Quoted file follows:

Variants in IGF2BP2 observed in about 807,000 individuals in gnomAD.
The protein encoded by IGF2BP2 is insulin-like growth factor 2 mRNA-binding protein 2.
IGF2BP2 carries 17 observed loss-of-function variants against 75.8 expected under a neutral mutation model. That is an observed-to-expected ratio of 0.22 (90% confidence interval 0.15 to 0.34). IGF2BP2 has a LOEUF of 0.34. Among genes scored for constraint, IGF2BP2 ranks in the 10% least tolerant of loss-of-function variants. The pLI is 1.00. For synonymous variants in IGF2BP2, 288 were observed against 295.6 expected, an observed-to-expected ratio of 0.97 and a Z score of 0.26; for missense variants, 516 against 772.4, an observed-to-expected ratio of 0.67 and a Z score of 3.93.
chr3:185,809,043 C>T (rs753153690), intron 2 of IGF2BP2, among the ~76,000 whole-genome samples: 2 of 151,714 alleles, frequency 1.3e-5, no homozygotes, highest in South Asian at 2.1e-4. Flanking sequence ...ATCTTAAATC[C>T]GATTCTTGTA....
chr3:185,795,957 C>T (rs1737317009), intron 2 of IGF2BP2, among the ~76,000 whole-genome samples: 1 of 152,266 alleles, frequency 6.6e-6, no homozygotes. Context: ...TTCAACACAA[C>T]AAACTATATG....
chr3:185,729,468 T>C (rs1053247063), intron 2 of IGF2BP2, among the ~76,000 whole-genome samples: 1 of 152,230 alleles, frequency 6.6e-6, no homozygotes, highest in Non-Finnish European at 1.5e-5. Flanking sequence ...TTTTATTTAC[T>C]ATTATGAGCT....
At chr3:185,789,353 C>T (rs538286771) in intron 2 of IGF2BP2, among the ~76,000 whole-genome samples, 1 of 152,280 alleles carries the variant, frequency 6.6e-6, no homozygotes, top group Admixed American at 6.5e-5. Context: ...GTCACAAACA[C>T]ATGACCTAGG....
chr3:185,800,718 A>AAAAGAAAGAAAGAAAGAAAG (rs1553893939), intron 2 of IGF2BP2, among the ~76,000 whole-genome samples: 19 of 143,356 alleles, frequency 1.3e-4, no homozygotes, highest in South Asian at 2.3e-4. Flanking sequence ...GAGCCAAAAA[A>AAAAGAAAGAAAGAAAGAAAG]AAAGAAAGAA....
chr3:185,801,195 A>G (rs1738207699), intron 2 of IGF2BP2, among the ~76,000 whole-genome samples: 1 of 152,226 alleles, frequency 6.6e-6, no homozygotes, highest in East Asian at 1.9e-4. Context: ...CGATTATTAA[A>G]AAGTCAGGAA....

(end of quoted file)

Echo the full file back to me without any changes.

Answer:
Variants in IGF2BP2 observed in about 807,000 individuals in gnomAD.
The protein encoded by IGF2BP2 is insulin-like growth factor 2 mRNA-binding protein 2.
IGF2BP2 carries 17 observed loss-of-function variants against 75.8 expected under a neutral mutation model. That is an observed-to-expected ratio of 0.22 (90% confidence interval 0.15 to 0.34). IGF2BP2 has a LOEUF of 0.34. Among genes scored for constraint, IGF2BP2 ranks in the 10% least tolerant of loss-of-function variants. The pLI is 1.00. For synonymous variants in IGF2BP2, 288 were observed against 295.6 expected, an observed-to-expected ratio of 0.97 and a Z score of 0.26; for missense variants, 516 against 772.4, an observed-to-expected ratio of 0.67 and a Z score of 3.93.
chr3:185,809,043 C>T (rs753153690), intron 2 of IGF2BP2, among the ~76,000 whole-genome samples: 2 of 151,714 alleles, frequency 1.3e-5, no homozygotes, highest in South Asian at 2.1e-4. Flanking sequence ...ATCTTAAATC[C>T]GATTCTTGTA....
chr3:185,795,957 C>T (rs1737317009), intron 2 of IGF2BP2, among the ~76,000 whole-genome samples: 1 of 152,266 alleles, frequency 6.6e-6, no homozygotes. Context: ...TTCAACACAA[C>T]AAACTATATG....
chr3:185,729,468 T>C (rs1053247063), intron 2 of IGF2BP2, among the ~76,000 whole-genome samples: 1 of 152,230 alleles, frequency 6.6e-6, no homozygotes, highest in Non-Finnish European at 1.5e-5. Flanking sequence ...TTTTATTTAC[T>C]ATTATGAGCT....
At chr3:185,789,353 C>T (rs538286771) in intron 2 of IGF2BP2, among the ~76,000 whole-genome samples, 1 of 152,280 alleles carries the variant, frequency 6.6e-6, no homozygotes, top group Admixed American at 6.5e-5. Context: ...GTCACAAACA[C>T]ATGACCTAGG....
chr3:185,800,718 A>AAAAGAAAGAAAGAAAGAAAG (rs1553893939), intron 2 of IGF2BP2, among the ~76,000 whole-genome samples: 19 of 143,356 alleles, frequency 1.3e-4, no homozygotes, highest in South Asian at 2.3e-4. Flanking sequence ...GAGCCAAAAA[A>AAAAGAAAGAAAGAAAGAAAG]AAAGAAAGAA....
chr3:185,801,195 A>G (rs1738207699), intron 2 of IGF2BP2, among the ~76,000 whole-genome samples: 1 of 152,226 alleles, frequency 6.6e-6, no homozygotes, highest in East Asian at 1.9e-4. Context: ...CGATTATTAA[A>G]AAGTCAGGAA....